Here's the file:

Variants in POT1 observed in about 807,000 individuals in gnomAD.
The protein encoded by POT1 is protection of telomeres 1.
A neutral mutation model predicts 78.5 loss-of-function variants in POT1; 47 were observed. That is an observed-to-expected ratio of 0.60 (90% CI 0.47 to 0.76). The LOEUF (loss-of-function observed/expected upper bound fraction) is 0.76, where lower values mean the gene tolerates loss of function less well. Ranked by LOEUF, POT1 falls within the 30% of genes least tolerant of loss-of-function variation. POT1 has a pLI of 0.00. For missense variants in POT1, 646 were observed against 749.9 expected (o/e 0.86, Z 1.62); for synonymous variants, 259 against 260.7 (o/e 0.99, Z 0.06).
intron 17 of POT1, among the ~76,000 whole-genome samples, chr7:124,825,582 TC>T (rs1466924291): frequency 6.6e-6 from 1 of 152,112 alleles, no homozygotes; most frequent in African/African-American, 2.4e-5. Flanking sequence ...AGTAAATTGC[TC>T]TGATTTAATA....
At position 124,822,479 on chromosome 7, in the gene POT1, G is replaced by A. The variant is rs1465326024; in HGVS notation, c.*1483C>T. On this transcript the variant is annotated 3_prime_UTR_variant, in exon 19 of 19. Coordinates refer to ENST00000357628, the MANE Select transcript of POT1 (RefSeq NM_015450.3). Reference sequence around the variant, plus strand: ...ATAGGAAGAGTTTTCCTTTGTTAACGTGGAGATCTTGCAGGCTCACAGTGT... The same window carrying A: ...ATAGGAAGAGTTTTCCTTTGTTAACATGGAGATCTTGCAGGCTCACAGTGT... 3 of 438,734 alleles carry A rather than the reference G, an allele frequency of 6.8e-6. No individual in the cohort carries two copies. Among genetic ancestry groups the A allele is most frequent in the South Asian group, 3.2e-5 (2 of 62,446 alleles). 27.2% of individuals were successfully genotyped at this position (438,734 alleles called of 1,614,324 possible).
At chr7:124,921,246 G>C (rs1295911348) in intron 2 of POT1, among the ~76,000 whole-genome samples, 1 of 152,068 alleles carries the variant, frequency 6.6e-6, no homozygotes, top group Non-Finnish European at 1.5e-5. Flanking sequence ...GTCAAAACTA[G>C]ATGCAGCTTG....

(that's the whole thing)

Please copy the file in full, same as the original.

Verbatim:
Variants in POT1 observed in about 807,000 individuals in gnomAD.
The protein encoded by POT1 is protection of telomeres 1.
A neutral mutation model predicts 78.5 loss-of-function variants in POT1; 47 were observed. That is an observed-to-expected ratio of 0.60 (90% CI 0.47 to 0.76). The LOEUF (loss-of-function observed/expected upper bound fraction) is 0.76, where lower values mean the gene tolerates loss of function less well. Ranked by LOEUF, POT1 falls within the 30% of genes least tolerant of loss-of-function variation. POT1 has a pLI of 0.00. For missense variants in POT1, 646 were observed against 749.9 expected (o/e 0.86, Z 1.62); for synonymous variants, 259 against 260.7 (o/e 0.99, Z 0.06).
intron 17 of POT1, among the ~76,000 whole-genome samples, chr7:124,825,582 TC>T (rs1466924291): frequency 6.6e-6 from 1 of 152,112 alleles, no homozygotes; most frequent in African/African-American, 2.4e-5. Flanking sequence ...AGTAAATTGC[TC>T]TGATTTAATA....
At position 124,822,479 on chromosome 7, in the gene POT1, G is replaced by A. The variant is rs1465326024; in HGVS notation, c.*1483C>T. On this transcript the variant is annotated 3_prime_UTR_variant, in exon 19 of 19. Coordinates refer to ENST00000357628, the MANE Select transcript of POT1 (RefSeq NM_015450.3). Reference sequence around the variant, plus strand: ...ATAGGAAGAGTTTTCCTTTGTTAACGTGGAGATCTTGCAGGCTCACAGTGT... The same window carrying A: ...ATAGGAAGAGTTTTCCTTTGTTAACATGGAGATCTTGCAGGCTCACAGTGT... 3 of 438,734 alleles carry A rather than the reference G, an allele frequency of 6.8e-6. No individual in the cohort carries two copies. Among genetic ancestry groups the A allele is most frequent in the South Asian group, 3.2e-5 (2 of 62,446 alleles). 27.2% of individuals were successfully genotyped at this position (438,734 alleles called of 1,614,324 possible).
At chr7:124,921,246 G>C (rs1295911348) in intron 2 of POT1, among the ~76,000 whole-genome samples, 1 of 152,068 alleles carries the variant, frequency 6.6e-6, no homozygotes, top group Non-Finnish European at 1.5e-5. Flanking sequence ...GTCAAAACTA[G>C]ATGCAGCTTG....